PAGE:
The following is a translation of an article originally in Japanese.

More and more firms in Japan and around the world are recognizing the importance of D&I, and reforming their approaches to it. Global asset manager Nikko Asset Management is one of the firms that has blazed a trail in Japan as an early promoter of D&I. We asked Japan national wheelchair rugby team player Yukinobu Ike, a Nikko AM employee, and Stefanie Drews, Senior Corporate Managing Director, Global Executive Committee Member and Head of Corporate Sustainability, for their insights on creating a corporate culture in which anyone can grow and thrive.

Stefanie Drews:
Firstly, congratulations for your victory in last year’s world championship. We watched you play on TV in the office and it was extremely exciting.

Yukinobu Ike:
Thank you very much. It was great to get such a warm welcome from everyone at the firm when I came back to Japan.

Stefanie Drews:
You are the first athlete we have welcomed to Nikko AM and it’s a great source of pride for us to see a coworker compete on the world stage. It was also a very bonding experience for everyone at the company to cheer you on together.

Yukinobu Ike:
I’m very grateful to everyone for the flexibility I have been given at work, allowing me to spend so much time on my daily training, and regularly travelling to matches. Nikko AM has been an ideal employer for me because this part of my life is so actively supported.

Stefanie Drews:
Even with your busy schedule, it is great for us that you take time to join in company activities too.

Yukinobu Ike:
I have a lot of opportunities to speak at training sessions and seminars inside and outside the firm, and I am so pleased that the participants are interested in hearing about my experience.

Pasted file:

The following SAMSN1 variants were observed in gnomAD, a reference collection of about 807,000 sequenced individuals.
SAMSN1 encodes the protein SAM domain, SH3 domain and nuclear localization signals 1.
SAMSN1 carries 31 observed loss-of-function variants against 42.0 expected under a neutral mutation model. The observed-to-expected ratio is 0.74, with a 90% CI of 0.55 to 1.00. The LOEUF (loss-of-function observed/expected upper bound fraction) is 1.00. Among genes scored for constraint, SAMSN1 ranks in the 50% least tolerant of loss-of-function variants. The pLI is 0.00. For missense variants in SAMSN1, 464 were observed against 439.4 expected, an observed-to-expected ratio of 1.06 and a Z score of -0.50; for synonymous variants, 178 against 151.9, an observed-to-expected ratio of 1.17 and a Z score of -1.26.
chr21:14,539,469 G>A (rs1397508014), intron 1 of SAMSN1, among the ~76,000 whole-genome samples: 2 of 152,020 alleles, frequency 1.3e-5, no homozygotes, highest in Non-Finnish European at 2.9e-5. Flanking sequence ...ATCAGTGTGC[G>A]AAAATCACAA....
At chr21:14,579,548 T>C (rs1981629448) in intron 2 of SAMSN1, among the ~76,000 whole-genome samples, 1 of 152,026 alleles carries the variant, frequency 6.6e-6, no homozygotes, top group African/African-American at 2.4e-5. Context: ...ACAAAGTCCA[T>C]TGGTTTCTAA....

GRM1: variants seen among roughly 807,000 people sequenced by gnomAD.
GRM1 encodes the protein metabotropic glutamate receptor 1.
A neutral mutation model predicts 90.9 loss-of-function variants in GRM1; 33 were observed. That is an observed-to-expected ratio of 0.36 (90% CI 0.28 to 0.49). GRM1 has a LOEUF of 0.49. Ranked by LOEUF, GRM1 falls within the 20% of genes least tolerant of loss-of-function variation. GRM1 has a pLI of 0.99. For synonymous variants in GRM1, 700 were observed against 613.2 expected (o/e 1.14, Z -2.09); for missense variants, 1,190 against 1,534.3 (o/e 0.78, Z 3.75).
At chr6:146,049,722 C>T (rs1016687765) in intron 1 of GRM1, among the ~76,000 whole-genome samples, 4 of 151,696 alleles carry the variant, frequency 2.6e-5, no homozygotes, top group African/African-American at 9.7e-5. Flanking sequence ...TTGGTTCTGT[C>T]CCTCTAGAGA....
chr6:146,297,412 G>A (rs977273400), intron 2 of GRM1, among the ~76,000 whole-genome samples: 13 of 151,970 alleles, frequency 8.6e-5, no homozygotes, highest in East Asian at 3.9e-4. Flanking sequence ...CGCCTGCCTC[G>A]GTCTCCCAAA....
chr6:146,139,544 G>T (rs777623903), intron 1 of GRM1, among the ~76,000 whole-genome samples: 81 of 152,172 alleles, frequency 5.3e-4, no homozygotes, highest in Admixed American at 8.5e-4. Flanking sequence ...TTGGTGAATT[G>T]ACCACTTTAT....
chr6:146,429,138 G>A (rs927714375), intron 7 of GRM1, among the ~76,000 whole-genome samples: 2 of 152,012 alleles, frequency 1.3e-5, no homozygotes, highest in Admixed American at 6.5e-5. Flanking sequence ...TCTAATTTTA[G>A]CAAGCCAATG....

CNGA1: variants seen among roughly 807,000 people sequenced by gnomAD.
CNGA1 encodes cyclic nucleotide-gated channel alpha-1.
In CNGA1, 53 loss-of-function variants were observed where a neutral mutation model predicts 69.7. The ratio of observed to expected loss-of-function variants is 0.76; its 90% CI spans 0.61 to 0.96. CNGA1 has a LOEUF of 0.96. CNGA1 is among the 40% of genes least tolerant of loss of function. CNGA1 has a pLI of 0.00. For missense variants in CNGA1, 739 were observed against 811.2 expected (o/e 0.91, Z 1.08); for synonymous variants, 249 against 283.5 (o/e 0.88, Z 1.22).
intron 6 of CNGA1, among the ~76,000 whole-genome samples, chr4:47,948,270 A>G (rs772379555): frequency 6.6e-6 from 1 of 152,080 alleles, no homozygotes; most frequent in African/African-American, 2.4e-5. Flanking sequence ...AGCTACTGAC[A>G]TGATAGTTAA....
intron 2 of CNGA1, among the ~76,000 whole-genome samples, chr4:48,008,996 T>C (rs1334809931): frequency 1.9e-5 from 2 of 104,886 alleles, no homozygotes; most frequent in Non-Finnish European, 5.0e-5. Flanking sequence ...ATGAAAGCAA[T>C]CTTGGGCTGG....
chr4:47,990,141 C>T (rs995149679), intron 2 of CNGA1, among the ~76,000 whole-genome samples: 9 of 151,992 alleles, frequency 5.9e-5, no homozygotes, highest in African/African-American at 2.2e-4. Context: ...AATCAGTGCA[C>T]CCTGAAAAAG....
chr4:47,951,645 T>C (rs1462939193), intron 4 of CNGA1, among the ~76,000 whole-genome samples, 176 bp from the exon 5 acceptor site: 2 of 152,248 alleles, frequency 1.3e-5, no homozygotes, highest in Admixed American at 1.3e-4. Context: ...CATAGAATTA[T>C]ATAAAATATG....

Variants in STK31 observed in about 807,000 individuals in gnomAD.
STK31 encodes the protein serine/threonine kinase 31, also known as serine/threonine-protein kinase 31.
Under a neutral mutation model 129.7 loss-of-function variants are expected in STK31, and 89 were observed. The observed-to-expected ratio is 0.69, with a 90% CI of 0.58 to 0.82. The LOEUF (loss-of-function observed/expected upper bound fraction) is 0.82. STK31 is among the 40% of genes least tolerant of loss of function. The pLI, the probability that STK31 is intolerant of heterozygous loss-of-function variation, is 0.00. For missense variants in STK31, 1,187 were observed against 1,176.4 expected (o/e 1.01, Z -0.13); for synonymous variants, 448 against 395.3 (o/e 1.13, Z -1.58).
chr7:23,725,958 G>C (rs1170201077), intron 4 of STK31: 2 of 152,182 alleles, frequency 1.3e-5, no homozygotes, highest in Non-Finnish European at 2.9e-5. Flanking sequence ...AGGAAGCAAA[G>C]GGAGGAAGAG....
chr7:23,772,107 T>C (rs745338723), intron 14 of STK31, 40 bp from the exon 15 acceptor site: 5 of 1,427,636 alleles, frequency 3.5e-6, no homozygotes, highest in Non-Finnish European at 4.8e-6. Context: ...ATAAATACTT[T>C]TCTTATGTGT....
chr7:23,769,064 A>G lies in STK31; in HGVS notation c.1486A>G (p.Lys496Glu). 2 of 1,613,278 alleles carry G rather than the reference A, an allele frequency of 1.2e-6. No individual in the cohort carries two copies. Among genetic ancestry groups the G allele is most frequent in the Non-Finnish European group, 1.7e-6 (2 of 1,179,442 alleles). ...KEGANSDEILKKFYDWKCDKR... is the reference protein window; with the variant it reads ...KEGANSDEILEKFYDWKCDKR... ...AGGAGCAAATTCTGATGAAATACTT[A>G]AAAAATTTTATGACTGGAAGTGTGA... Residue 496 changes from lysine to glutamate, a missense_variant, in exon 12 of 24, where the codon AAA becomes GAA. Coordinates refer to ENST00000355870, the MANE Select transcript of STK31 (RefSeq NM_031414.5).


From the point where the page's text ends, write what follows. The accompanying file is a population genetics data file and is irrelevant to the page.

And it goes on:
Stefanie Drews:
Your journey to your brilliant success is a very moving story. I am sure it inspires many of those who hear about it.

Learning from Experience

Stefanie Drews:
Disabled/Para-sports seem to be less well known and less popular in Japan than in places like the US and Europe.

Yukinobu Ike:
It may be that people have a preconception that such sports are less fun to watch than sports with able-bodied athletes.

Stefanie Drews:
They are really missing out! With wheelchair rugby, the crashing of the wheelchairs into each other on the one hand, and the careful strategic play on the other hand, it is truly a wonderful sport to watch.

Yukinobu Ike:
Yes, people’s opinions tend to change once they’ve actually seen a game. It’s of course very gratifying to hear people comment how much fun they had watching a game.

Stefanie Drews:
It is so often the case that without really engaging in something, it is hard to understand it. It’s common for people with different experiences to wonder how they will be able to relate to each other, but taking that first step of building relationships with those different from yourself is critical to recognizing and supporting diversity.

Yukinobu Ike:
That’s right. What I do and my sport are now better understood and I get such great support that I’m able to go that extra mile in my games. It’s become second nature for me to feel that winning is part of my work for Nikko AM.

Stefanie Drews:
And that support will only keep increasing as more people gain that understanding. However, the fact that you work so hard is something that everyone can identify with, regardless of the field they are in.